The USDA site also states that folk medicine considered the elderberry a very valuable healing plant.  And it sounds like it could do almost anything.  The flowers have flavonoids which some say are thought to help prevent cancer and improve immune function.  The tannins are a help with reduction of bleeding, diarrhea, and congestions.

The flowers can also be made into a tea to aid in breaking “dry fevers and stimulate perspiration, aid headache, indigestion, twitching eyes, dropsy, rheumatism, appendix inflammation, bladder or kidney infections, colds, influenza, consumption (bleeding in lungs), and is helpful to newborn babies (Hutchens 1991). Used as a wash, the flowers or leaves are good for wounds, sprains, and bruises, as well as for sores on domestic animals. The leaves, which are stronger, have a slightly laxative property. Applied externally, leaves, flowers, bark and twigs are excellent as a poultice, mixed equally with chamomile, for soreness, inflammations, joint stiffness, and to reduce the swelling of bee stings. The flowers and berries, employed as a diuretic, can aid arthritis and rheumatism. Steeped in water, the flowers are used externally to aid in complexion beauty, tone and soften the skin, and lighten freckles or spots. The berry juice made into salve aids burns and scalds. The juice taken internally will act as a purgative.’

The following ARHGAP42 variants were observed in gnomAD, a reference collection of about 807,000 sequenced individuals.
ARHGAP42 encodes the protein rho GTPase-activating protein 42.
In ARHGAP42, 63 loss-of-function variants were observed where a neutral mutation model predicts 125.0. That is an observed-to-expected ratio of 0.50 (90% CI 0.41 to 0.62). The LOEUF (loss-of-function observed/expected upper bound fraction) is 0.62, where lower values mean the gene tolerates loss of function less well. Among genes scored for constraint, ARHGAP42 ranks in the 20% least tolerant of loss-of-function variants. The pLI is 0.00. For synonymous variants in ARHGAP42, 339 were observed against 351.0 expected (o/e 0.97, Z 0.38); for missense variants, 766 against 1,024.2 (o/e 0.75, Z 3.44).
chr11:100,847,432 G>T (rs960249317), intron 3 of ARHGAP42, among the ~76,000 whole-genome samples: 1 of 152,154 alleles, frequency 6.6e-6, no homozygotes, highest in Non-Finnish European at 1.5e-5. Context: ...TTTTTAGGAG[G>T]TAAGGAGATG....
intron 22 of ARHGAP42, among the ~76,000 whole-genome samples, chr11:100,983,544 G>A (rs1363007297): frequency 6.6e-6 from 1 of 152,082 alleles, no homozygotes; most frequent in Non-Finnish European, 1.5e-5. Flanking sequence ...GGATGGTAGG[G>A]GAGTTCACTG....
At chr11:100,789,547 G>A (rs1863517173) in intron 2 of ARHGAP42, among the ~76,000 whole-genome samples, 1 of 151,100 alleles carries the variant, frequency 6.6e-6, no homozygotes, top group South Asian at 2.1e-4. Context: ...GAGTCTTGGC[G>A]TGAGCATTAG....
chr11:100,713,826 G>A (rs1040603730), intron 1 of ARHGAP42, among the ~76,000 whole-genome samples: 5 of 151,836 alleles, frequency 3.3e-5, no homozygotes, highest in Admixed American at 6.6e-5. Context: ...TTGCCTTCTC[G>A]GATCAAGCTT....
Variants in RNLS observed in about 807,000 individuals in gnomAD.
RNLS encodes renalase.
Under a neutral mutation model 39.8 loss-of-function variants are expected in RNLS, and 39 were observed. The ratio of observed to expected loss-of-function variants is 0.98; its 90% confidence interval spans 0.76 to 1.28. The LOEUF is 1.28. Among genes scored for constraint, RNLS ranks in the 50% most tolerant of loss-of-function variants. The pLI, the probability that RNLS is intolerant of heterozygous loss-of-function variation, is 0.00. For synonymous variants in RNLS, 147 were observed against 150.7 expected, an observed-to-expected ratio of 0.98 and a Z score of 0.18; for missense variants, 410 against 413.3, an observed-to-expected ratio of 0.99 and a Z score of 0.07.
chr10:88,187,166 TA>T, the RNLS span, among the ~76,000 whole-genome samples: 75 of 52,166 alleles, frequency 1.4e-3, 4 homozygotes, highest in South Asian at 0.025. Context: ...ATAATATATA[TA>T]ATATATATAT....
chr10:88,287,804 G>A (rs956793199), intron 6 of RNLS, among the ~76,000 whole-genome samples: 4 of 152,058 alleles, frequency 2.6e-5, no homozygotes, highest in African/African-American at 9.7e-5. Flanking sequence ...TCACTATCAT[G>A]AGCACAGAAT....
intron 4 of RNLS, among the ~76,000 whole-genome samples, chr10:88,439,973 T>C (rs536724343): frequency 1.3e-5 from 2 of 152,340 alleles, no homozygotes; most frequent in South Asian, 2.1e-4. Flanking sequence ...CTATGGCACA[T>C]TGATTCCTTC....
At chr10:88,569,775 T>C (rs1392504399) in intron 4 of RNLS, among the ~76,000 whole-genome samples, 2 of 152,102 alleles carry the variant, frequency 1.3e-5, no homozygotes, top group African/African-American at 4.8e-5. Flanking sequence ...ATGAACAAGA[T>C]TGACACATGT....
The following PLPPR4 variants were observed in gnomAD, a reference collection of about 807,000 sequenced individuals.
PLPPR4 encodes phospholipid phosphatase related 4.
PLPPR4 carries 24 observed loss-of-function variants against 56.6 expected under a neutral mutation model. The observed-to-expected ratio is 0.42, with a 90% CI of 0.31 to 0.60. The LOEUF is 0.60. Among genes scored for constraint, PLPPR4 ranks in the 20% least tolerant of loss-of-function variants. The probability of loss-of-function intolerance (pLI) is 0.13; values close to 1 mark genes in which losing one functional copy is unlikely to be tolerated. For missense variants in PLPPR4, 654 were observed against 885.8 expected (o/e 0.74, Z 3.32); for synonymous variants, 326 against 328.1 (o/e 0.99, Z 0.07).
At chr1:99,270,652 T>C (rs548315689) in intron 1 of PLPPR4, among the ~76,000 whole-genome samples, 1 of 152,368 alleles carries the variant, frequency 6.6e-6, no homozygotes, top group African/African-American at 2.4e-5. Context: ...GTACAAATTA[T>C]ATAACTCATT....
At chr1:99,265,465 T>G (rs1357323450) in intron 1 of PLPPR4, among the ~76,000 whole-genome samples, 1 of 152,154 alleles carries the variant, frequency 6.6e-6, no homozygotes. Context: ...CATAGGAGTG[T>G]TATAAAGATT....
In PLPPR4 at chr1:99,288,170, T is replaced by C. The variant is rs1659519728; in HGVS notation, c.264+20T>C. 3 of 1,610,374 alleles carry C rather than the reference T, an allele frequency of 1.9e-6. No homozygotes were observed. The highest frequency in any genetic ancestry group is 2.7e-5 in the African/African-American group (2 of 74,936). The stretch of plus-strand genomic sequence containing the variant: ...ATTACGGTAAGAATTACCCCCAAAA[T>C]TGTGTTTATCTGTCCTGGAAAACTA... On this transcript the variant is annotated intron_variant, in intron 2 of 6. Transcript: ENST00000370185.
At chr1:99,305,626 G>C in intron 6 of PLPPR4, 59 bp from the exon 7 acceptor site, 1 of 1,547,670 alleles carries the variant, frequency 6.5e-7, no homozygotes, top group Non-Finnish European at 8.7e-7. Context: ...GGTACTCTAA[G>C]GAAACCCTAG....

Wow, huh?  Sounds like the entire plant can pretty much do anything.  But I haven’t seen the berries sold anywhere, have you?  I have to admit I have not LOOKED for them, but since they sound like they can take care of some many things I would think they would be more popular.

Since the actual genus name is Sambucus, it probably wouldn’t surprise you to know that the Italian liqueur Sambucca is comprised of oil from the elderflower.  Aside from the liqueur versions and the jam versions, it really sounds as if the flowers and the berries are very good for you.  They have a lot of vitamin C and a good amount of vitamin A.  And according to folk medicine they do a heck of a lot.  I am going to look for them in September.  That seems to be the season for Elderberries. 

After reading they can help boost your immune system AND all the other stuff listed here, do they interest you?  Do elderberries sound like something you would like to add to your diet?  Do you want to try some elderflowers?

Posted in Food, Fruit | Tagged: , , , , , , , , , , , , , , , | 2 Comments »

Some Foods Can Boost Your Immune System

Posted by terrepruitt on February 14, 2012

Our local warehouse store puts out a magazine, it is called The Costco Connection. In the February 2012 issue there was an article about “Foods to protect your immune system”, by Carl Germano. The magazine said that Whey Protein, cultured yogurt, mushrooms, elderberry, garlic, and oats helps protect the immune system.